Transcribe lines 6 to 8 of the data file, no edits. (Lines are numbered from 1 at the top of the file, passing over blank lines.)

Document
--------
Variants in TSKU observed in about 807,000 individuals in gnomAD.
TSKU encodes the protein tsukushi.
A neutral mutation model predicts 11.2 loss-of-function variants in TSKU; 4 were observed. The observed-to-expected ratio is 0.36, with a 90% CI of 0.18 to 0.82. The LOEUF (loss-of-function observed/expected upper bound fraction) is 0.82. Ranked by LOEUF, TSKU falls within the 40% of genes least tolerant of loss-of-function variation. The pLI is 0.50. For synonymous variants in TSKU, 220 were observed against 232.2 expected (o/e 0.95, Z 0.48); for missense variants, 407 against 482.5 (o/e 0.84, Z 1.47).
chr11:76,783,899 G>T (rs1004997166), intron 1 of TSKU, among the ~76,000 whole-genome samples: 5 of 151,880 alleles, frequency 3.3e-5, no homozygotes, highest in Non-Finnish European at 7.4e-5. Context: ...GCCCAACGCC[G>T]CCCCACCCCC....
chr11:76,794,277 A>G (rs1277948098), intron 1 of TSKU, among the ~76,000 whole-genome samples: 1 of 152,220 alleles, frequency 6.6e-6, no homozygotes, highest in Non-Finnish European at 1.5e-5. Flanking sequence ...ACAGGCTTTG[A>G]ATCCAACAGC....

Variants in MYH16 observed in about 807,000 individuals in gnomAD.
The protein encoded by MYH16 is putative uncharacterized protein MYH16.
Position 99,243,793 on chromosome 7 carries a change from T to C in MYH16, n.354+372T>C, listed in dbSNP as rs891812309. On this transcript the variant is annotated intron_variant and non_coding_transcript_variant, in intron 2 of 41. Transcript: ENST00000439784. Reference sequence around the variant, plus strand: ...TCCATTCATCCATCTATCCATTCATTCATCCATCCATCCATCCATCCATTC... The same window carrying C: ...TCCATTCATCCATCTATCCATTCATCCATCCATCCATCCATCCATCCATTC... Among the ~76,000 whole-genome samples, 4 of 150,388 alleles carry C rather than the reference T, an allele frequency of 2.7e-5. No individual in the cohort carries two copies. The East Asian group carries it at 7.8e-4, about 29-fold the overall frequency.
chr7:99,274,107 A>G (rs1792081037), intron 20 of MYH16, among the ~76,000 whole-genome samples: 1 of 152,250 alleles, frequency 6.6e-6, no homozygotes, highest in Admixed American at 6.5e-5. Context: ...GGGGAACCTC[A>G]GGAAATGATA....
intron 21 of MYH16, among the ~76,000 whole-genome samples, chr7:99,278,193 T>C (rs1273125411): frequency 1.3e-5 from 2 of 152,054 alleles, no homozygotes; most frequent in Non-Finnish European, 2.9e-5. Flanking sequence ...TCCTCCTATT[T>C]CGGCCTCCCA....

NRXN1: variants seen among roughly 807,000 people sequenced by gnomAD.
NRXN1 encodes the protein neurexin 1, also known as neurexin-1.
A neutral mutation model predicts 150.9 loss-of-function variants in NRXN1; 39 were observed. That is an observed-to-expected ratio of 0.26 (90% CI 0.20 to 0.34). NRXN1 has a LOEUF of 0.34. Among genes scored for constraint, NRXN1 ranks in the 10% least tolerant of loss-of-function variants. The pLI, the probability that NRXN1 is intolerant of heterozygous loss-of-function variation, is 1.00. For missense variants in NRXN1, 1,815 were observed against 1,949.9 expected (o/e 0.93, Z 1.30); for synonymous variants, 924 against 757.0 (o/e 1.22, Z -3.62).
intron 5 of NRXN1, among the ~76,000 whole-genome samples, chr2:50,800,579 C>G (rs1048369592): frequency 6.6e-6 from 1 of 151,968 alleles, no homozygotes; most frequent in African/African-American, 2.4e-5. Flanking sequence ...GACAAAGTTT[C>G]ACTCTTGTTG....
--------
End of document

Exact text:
Variants in MYH16 observed in about 807,000 individuals in gnomAD.
The protein encoded by MYH16 is putative uncharacterized protein MYH16.
Position 99,243,793 on chromosome 7 carries a change from T to C in MYH16, n.354+372T>C, listed in dbSNP as rs891812309. On this transcript the variant is annotated intron_variant and non_coding_transcript_variant, in intron 2 of 41. Transcript: ENST00000439784. Reference sequence around the variant, plus strand: ...TCCATTCATCCATCTATCCATTCATTCATCCATCCATCCATCCATCCATTC... The same window carrying C: ...TCCATTCATCCATCTATCCATTCATCCATCCATCCATCCATCCATCCATTC... Among the ~76,000 whole-genome samples, 4 of 150,388 alleles carry C rather than the reference T, an allele frequency of 2.7e-5. No individual in the cohort carries two copies. The East Asian group carries it at 7.8e-4, about 29-fold the overall frequency.